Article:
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This article is about a poem by T. S. Eliot. For other uses, see Ash Wednesday (disambiguation).

Ash Wednesday (sometimes Ash-Wednesday) is the first long poem written by T. S. Eliot after his 1927 conversion to Anglicanism. Published in 1930 (see 1930 in poetry), this poem deals with the struggle that ensues when one who has lacked faith in the past strives to move towards God.

Sometimes referred to as Eliot's "conversion poem", Ash-Wednesday, with a base of Dante's Purgatorio, is richly but ambiguously allusive and deals with the move from spiritual barrenness to hope for human salvation. The style is different from his poetry which predates his conversion. "Ash-Wednesday" and the poems that followed had a more casual, melodic, and contemplative method.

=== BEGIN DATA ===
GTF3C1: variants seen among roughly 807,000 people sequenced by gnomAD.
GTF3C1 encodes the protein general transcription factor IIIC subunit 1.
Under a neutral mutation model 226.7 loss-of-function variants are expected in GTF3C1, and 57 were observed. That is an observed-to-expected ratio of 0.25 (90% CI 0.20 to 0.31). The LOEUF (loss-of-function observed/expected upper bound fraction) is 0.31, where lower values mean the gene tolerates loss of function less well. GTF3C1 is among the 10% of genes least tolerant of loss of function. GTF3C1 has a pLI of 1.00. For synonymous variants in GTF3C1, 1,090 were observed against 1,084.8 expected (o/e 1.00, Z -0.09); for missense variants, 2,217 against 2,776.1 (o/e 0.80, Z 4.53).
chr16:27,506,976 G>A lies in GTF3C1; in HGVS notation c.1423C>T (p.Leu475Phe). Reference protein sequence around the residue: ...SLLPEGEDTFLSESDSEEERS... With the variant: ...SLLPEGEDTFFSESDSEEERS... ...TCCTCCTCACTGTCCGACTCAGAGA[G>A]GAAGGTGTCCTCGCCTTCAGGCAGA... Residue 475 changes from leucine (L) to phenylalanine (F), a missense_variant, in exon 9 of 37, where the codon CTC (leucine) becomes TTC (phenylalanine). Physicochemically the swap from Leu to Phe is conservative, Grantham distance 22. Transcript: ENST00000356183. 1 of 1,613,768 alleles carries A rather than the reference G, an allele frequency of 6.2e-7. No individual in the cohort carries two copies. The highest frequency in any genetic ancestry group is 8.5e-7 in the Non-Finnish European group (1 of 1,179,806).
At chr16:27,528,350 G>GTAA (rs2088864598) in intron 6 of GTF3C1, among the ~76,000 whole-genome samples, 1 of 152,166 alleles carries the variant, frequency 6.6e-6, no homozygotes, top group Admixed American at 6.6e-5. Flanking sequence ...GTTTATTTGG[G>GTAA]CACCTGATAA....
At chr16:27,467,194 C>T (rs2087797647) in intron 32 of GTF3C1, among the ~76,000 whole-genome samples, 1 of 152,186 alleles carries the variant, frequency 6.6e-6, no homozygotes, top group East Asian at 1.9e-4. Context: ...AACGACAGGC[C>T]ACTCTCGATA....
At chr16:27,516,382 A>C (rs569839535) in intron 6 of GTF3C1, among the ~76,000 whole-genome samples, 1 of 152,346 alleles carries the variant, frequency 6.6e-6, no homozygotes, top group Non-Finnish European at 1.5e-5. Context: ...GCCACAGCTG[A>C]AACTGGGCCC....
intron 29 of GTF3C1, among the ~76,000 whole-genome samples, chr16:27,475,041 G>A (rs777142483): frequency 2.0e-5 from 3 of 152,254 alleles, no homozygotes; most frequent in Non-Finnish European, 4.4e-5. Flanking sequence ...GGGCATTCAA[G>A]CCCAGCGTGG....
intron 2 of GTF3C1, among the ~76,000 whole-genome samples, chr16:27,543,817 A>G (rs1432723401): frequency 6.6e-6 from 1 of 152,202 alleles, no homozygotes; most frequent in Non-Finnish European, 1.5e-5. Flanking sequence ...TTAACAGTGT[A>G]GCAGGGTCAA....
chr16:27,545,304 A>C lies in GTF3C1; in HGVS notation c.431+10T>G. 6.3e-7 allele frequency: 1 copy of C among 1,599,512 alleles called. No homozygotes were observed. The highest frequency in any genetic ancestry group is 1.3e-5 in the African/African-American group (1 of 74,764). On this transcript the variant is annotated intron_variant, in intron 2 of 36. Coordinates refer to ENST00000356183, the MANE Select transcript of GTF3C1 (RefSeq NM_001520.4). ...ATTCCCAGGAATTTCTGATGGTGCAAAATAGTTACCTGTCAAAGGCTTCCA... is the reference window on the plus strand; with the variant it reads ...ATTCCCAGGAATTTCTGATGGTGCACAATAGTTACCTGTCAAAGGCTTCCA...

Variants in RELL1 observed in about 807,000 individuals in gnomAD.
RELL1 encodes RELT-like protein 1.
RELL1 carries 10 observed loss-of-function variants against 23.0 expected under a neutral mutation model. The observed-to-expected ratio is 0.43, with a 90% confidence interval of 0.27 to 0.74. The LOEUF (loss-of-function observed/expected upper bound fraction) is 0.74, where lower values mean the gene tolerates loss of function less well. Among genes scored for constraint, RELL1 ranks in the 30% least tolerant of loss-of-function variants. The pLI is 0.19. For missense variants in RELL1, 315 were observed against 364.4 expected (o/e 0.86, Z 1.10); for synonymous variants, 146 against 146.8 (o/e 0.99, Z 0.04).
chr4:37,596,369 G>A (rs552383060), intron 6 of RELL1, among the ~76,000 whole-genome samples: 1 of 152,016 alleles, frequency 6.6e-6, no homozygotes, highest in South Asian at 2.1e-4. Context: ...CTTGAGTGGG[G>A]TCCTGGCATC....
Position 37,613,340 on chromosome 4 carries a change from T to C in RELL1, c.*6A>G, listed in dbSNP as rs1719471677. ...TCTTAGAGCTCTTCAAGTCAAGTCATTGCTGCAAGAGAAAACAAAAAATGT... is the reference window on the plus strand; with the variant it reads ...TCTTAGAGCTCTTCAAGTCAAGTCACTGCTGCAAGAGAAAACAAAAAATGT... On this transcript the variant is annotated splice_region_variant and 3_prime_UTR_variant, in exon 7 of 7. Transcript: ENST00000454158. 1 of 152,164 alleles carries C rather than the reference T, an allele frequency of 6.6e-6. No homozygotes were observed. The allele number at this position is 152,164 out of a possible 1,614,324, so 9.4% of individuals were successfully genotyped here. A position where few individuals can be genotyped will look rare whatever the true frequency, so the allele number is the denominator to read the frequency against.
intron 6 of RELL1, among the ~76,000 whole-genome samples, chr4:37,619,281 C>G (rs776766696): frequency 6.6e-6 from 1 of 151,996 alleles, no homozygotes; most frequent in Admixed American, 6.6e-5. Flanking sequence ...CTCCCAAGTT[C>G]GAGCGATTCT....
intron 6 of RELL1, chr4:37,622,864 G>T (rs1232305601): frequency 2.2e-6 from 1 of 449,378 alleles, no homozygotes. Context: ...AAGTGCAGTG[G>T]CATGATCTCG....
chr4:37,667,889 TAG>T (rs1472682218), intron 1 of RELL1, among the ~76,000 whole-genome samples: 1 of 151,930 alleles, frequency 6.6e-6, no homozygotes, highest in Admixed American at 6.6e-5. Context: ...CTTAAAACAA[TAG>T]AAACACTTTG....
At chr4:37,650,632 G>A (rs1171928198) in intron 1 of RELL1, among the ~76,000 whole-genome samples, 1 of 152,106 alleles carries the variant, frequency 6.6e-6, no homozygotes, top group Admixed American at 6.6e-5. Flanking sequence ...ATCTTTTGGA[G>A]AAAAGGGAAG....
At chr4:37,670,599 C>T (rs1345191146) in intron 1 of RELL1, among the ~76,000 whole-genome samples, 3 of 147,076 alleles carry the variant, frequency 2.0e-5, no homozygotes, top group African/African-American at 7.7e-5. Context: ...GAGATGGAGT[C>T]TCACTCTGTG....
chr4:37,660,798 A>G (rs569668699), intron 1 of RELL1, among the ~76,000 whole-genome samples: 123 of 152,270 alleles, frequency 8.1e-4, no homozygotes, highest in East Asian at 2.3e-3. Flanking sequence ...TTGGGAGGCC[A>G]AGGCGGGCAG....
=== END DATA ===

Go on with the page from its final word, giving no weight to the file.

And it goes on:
Many critics were "particularly enthusiastic concerning 'Ash-Wednesday'", while in other quarters it was not well received. Among many of the more secular literati its groundwork of orthodox Christianity was discomfiting. Edwin Muir maintained that "'Ash-Wednesday' is one of the most moving poems he [Eliot] has written, and perhaps the most perfect."


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